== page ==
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I was reading a historical romance one evening when, in exasperation, I nearly zapped the book out of my iPad right there and then. Not because it was badly written. Nor was it boring.Rather, it annoyed me that for the umpteenth time, the author described her hero as having wide/broad shoulders. Now, how often is it necessary to do that?

Beauty is in the eye of the beholder. In "Love's Labour's Lost", Shakespeare expressed a similar sentiment, "Beauty is bought by judgment of the eye". You've probably heard these types of sayings a thousand times before, but do you understand the true value when it comes to writing descriptions? Most blogs or articles on writing give the usual advice about description.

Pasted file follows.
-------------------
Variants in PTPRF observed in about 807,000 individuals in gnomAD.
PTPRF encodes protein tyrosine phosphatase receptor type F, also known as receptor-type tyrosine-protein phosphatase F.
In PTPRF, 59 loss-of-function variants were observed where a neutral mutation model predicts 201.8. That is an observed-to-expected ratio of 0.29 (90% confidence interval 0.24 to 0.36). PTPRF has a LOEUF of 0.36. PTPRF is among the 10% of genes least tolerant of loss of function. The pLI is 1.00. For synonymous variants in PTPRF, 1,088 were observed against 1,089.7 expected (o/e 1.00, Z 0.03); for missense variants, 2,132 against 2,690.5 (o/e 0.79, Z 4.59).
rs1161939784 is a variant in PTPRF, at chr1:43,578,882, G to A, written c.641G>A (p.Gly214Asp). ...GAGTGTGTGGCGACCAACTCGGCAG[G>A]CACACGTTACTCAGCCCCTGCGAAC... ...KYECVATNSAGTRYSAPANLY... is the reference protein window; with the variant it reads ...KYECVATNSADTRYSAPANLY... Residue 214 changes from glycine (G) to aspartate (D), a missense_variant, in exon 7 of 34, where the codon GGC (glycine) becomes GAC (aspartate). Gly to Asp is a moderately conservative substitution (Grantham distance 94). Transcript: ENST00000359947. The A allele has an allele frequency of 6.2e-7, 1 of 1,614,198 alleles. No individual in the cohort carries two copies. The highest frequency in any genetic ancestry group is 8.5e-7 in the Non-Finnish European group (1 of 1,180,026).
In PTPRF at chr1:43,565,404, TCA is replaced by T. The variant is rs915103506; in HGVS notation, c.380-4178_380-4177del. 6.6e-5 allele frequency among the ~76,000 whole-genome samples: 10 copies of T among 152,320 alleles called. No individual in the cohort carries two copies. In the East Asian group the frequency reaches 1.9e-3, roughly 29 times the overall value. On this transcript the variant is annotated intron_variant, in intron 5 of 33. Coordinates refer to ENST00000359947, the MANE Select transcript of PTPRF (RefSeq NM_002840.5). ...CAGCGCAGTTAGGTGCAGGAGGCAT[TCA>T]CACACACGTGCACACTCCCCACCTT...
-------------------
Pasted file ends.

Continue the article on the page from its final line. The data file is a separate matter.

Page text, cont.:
Thank goodness for e-readers,” a friend said to me the other day.“Because they’ve revolutionized the publishing industry? Or because they’ve made it easier to carry and dip into a book anytime, anywhere?” I replied.“Neither,” was her response. “Because now I can read steamy fiction without anyone on my commuter train knowing about it and judging me.” Judging. Hmm.

Yesterday morning I thought I'd do something nice for my book…so I sent out my press release to almost a dozen newspapers around my area, hoping someone will pick up my story and run with it. I know this sounds a little intimidating to novice writers (and perhaps a few not-so-novice ones as well.) Press releases sound like terribly official and extremely elevated forms of publicity.

“I’ll be honest. I don’t read romances with black couples on the cover.”When a friend of mine shared this with me, I stared at her in stunned silence for a moment before I could reply. I appreciated her honesty, but as a black woman who writes multicultural romance, I felt the sting of her statement on a personal level.Grappling for words…any words…I cleared my throat. “You don’t?

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